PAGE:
At the time of application, many ABSN schools require that students complete the following courses with a C or better grade.
The two most significant educational pieces with ABSN education are nursing simulation labs and clinical rotations outside of coursework. Both comprise hands-on learning alongside instructors who help you practice clinical skills in a simulated setting without interacting with patients.
Nursing simulation labs allow nursing students to practice their core clinical skills in a controlled environment. Each candidate learns vital medical skills, such as catheter injections, NG tube injections, wound care, and IV placements. Students perform this simulation in staged hospital rooms, with the aim being to replicate real-time clinical situations.
A debriefing session follows all simulations with instructors and classmates to learn from one another. Expect to receive feedback, including criticism on mistakes, as you hone your nursing skills.
Clinical rotations place nursing students in real hospitals and other healthcare settings. You apply all theoretical knowledge and clinical skills into practice here. Expect to build off your simulation lab experience with actual tasks, such as utilizing clinical skills, conducting interviews, treating patients, and other tasks requiring direct contact with patients.
Also, clinical rotations aim to introduce you to potential future employers. So, it is not uncommon to receive an offer before graduating from the program.
The number of clinical hours required depends on the ABSN program. You can expect this figure to have a lower limit of 300 hours and a higher limit of 1000 hours.
Here is a sample clinical curriculum, courtesy of Marian University’s ABSN program.
|1||NSG 201 Health Assessment and Communication|
|1||NSG 241 Fundamentals|
|2||NSG 331 Care of the Adult Client in Community /Acute Care Settings I|
|2||NSG 335 Mental Health Nursing|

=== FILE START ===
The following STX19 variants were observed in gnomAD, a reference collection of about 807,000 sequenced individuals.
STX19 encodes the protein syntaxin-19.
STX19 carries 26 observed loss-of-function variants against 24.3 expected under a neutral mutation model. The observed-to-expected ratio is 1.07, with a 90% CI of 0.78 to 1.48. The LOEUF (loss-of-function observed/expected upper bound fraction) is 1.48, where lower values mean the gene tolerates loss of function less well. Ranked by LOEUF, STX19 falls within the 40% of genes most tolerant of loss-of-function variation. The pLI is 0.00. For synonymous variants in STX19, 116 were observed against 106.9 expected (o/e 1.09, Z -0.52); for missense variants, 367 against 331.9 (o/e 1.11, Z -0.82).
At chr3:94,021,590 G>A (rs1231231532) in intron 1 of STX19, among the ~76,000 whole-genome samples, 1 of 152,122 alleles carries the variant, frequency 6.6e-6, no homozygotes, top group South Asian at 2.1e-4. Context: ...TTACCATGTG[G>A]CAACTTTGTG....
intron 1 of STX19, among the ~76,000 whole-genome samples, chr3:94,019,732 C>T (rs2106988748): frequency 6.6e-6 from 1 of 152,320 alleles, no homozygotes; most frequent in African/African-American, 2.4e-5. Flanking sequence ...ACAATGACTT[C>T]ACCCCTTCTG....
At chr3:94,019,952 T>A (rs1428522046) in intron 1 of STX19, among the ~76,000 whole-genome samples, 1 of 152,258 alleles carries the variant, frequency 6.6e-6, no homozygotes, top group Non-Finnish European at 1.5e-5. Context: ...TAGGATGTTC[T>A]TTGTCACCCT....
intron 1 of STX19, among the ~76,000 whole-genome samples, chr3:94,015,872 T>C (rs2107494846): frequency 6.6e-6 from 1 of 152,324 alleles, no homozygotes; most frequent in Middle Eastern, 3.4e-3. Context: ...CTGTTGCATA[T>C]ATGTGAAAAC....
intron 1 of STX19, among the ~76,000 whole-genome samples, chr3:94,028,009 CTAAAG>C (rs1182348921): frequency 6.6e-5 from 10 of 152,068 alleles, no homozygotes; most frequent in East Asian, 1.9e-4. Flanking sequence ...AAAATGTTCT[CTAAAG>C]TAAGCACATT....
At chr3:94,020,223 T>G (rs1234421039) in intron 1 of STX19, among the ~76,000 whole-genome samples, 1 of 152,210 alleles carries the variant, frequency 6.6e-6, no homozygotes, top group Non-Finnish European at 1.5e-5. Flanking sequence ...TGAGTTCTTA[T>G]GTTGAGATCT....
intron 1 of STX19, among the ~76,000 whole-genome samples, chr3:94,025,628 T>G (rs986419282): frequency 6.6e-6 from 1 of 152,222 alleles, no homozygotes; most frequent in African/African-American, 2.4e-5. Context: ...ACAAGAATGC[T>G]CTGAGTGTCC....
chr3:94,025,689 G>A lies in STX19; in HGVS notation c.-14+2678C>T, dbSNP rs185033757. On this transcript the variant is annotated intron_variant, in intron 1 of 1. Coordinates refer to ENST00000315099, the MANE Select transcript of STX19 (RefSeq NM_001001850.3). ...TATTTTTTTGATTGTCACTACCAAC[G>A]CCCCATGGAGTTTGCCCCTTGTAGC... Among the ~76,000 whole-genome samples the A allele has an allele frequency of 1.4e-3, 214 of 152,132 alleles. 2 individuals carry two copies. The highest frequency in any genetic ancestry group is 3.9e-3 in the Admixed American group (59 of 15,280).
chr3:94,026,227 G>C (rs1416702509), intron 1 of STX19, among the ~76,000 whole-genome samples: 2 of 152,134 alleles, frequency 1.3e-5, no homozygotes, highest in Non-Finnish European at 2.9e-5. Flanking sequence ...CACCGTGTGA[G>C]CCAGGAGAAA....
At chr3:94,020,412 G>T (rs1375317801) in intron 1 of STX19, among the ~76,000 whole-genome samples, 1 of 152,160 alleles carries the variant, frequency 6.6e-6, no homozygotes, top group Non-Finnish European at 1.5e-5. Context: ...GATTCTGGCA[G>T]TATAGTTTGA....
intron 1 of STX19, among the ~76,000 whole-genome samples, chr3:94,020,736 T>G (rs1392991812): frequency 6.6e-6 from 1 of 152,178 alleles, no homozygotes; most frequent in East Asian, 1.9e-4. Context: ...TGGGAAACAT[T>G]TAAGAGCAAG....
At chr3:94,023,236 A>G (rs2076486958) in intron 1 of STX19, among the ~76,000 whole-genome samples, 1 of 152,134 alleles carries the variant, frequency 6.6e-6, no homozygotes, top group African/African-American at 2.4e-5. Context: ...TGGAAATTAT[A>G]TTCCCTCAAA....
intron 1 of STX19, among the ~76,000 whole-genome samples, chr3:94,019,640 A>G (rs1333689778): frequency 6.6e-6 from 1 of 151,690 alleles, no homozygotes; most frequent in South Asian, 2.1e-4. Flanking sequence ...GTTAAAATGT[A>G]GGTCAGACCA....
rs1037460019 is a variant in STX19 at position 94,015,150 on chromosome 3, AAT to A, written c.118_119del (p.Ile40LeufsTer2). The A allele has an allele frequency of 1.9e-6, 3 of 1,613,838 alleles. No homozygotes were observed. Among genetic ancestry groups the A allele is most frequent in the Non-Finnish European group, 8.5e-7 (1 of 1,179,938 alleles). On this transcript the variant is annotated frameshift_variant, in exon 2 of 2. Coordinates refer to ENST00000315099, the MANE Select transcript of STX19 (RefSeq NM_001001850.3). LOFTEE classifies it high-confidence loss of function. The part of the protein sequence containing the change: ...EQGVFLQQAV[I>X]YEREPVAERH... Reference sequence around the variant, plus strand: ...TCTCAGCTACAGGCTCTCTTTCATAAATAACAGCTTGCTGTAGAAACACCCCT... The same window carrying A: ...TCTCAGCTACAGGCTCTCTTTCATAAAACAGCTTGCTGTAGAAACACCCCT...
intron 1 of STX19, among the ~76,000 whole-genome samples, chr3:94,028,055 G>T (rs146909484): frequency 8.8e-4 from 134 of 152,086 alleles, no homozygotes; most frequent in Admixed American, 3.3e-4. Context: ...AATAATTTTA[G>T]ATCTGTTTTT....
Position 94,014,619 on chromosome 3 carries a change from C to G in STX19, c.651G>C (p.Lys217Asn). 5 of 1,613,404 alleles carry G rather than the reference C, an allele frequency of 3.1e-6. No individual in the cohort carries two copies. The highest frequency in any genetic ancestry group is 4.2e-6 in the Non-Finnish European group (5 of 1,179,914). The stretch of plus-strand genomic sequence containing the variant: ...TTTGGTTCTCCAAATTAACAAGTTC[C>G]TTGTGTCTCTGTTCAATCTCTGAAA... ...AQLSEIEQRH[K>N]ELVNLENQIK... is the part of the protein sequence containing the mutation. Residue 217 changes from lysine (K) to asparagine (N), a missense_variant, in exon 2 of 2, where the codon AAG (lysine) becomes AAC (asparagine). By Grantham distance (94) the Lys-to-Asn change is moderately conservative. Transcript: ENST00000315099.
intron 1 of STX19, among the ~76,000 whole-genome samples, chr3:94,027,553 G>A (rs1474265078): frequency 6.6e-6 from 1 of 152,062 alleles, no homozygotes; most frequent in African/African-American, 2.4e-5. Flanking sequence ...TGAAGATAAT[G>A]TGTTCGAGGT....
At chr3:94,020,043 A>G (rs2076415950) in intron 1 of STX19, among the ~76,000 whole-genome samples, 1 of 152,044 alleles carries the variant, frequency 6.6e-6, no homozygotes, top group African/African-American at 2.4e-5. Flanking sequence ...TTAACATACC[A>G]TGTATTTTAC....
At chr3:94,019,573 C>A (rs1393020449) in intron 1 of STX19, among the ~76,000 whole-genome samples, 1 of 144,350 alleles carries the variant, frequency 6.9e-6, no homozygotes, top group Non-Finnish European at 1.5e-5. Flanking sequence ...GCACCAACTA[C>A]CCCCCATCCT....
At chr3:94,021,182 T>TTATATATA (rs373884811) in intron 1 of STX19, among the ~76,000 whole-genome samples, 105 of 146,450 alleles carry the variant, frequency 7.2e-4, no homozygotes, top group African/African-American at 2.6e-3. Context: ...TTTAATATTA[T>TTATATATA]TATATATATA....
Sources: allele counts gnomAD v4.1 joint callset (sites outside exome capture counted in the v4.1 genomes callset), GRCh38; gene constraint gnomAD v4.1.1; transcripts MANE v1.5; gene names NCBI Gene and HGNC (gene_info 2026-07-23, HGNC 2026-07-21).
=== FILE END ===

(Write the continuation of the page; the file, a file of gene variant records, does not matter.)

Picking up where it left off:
|3||NSG 307 Care of the Childbearing Client in Community/Acute Care Settings|
|3||NSG 317 Care of the Pediatric Client in Community /Acute Care Settings|
|3||NSG 431 Care of the Adult Client in Community/Acute Care Settings II|
|4||NSG 441 Leadership/Community in the Nursing Profession|
|4||NSG 451 Clinical Immersion Experience|
The routine for your clinical rotation depends on your school.
Many clinical shifts start with a pep talk between the clinical instructor and other nursing students.
Afterward, you begin a shift, where a clinical instructor walks you through a typical day. Sometimes, you may take vitals and manage various patient situations that will allow you to put your theoretical coursework into practice.
According to the Bureau of Labor Statistics (BLS), the average salary for a registered nurse is $75,330.
Note: many factors influence BSN salaries, including the state, years of experience, type of shift (day versus overnight), and the hospital or health care system.
Here is a list of the top five highest paying states for BSN nurses, courtesy of the ZipRecruiter.
Here are six high-paying BSN jobs. All salaries are courtesy of Payscale.
Title: Operating room nurse
Description: Operating room nurses work in, you guessed it, operating rooms. They deal directly with patients before and after surgery, working alongside surgeons to ensure that everything goes according to plan.
Average Annual Salary: $91,600
Title: Travel nurse